Judiciary to launch out-of-court case resolution-Method faster, cheaper, expected to slash case backlog


The symposium’s delegates in a souvenir picture

This follows a nearly unanimous endorsement of the method by the country’s legal fraternity and top judges from the region who weighed the advantages of such a system over the traditional court hearings.

The judges, magistrates, top lawyers from the attorney general’s (AG) chambers as well as those in private practice met at Baie Lazare’s Kempinski resort to discuss the system, generally known as Alternative Dispute Resolution (ADR) mechanism.

They noted the method is often faster and cheaper and likely to cut the nearly 400 outstanding cases, some of which were filed as far back as 1998.

When addressing members of the bench and of the bar present, Mr Egonda-Ntende said the system is ironically called the ADR yet it should in fact be the preferred option.

He explained ADR refers to the possible of settlement of disputes rather than through a trial in the ordinary courts, saying:

“It is not available as of right, except if provided for by an agreement, like access to a court system is, for many jurisdictions. It is alternate to the ordinary system of adjudication of disputes. Some commentators on the subject say it is a misnomer to refer to it as alternative, believing that it is the more appropriate method of dispute resolution than the adjudication through the court system.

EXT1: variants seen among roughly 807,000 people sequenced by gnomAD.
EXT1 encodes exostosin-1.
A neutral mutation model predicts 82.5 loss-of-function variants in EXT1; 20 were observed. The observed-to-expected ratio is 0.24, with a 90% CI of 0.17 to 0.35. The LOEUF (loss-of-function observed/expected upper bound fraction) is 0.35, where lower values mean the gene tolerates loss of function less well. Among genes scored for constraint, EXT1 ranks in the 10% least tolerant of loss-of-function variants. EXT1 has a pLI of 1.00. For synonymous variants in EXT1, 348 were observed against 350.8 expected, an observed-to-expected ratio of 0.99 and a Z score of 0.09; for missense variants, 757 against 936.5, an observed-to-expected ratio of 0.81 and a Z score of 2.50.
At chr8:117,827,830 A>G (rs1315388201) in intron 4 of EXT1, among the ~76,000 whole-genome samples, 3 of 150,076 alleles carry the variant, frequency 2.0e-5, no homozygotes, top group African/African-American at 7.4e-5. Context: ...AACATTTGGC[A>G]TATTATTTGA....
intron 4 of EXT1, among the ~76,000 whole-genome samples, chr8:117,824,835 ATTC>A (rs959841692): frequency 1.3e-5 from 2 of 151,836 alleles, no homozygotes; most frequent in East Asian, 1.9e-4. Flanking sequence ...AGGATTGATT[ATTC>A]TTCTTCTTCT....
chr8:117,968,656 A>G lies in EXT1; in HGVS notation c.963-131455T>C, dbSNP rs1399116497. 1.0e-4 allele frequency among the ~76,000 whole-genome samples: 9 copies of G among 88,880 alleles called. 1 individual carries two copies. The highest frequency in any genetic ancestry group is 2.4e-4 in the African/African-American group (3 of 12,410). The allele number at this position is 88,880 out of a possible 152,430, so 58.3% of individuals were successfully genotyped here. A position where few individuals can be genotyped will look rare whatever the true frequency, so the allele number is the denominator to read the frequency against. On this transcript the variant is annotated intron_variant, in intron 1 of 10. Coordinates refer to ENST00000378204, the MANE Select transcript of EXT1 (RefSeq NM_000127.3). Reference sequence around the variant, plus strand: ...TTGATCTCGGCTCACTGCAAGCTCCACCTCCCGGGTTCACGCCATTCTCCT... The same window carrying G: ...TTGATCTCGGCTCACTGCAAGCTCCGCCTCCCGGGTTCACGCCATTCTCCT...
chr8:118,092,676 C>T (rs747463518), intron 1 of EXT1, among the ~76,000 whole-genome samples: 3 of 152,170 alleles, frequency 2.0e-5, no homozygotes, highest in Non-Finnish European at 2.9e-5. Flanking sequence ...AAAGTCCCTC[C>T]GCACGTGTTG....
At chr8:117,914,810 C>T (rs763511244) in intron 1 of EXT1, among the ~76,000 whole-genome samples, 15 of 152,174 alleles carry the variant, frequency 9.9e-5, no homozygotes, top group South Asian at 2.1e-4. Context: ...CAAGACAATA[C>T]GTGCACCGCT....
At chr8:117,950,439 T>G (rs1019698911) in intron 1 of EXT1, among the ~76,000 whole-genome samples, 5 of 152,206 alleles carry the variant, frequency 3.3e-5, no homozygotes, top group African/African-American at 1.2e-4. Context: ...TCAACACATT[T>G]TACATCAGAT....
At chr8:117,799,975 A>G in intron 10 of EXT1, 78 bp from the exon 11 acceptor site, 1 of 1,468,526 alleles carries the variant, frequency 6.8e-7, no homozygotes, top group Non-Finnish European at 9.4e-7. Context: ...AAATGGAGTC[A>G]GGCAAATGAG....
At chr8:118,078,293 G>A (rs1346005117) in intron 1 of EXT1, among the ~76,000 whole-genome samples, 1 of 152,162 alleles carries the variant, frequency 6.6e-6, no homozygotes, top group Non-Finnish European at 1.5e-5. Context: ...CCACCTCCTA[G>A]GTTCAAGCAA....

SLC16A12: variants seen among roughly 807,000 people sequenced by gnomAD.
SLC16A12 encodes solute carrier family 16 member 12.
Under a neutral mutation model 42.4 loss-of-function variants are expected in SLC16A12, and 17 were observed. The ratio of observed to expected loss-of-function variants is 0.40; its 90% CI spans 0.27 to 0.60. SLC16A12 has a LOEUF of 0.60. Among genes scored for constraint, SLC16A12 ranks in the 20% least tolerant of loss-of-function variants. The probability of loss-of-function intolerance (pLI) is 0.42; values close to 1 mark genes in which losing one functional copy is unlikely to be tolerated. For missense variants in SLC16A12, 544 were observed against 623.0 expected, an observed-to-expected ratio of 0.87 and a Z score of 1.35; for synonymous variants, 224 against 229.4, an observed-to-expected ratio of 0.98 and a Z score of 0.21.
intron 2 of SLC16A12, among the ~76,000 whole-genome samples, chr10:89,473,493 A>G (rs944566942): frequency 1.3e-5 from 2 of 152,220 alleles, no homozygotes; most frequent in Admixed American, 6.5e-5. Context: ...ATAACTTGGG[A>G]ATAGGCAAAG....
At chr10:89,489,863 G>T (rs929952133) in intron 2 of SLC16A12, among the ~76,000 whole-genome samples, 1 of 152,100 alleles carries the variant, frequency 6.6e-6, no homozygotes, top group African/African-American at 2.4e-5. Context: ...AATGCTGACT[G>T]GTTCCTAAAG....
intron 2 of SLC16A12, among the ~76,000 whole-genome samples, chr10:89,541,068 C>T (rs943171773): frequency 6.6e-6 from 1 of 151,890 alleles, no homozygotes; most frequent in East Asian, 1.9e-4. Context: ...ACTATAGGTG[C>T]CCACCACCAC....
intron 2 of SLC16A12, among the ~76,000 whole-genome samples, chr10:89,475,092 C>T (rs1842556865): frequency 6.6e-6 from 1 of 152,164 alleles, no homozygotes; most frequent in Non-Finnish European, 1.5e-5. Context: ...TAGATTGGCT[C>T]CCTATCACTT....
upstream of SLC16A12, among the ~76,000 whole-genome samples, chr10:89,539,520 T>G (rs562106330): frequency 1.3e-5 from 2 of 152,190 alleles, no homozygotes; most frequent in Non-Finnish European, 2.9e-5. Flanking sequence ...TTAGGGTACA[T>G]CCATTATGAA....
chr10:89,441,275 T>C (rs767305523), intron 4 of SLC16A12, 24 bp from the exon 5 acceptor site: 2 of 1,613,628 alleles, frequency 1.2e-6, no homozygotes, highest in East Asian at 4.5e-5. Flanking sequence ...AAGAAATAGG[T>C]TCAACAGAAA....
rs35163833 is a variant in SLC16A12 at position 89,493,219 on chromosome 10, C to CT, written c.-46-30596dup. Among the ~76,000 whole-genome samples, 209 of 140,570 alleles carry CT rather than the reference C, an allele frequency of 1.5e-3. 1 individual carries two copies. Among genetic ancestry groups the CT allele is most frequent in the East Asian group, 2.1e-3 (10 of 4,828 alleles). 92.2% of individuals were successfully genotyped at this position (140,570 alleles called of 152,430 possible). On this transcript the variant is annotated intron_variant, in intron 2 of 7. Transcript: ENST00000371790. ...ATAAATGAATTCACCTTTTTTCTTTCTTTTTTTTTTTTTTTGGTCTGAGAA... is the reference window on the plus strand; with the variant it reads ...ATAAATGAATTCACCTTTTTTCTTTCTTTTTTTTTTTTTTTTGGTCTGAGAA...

“They propose that it should be referred to as the Appropriate Dispute Resolution, thus maintaining the acronym of ADR,” he said, referring to the Bible verses in which Jesus advised people to settle their disputes outside court saying:

"Settle matters quickly with your adversary who is taking you to court. Do it while you are still with him on the way, or he may hand you over to the judge, and the judge may hand you over to the officer, and you may be thrown into prison. I tell you the truth, you will not get out until you have paid the last penny."

Mr Egonda-Ntende said ADR takes a number of forms, namely negotiation, mediation, neutral case evaluation, Rent a judge and arbitration, whose details we hope to publish tomorrow.

Among foreign guests present at the symposium were Martin Okumu Masiga of the Africa region chapter of the International Commission of Jurists – which organised the meeting in collaboration with the judiciary of Seychelles, former chief justice Sakala of Zambia, justice James Munange Ogoola who chairs the Judicial Service Commission of Uganda, and madam justice Chui Yew Cheong who heads the mediation division of the Supreme Court of Mauritius.

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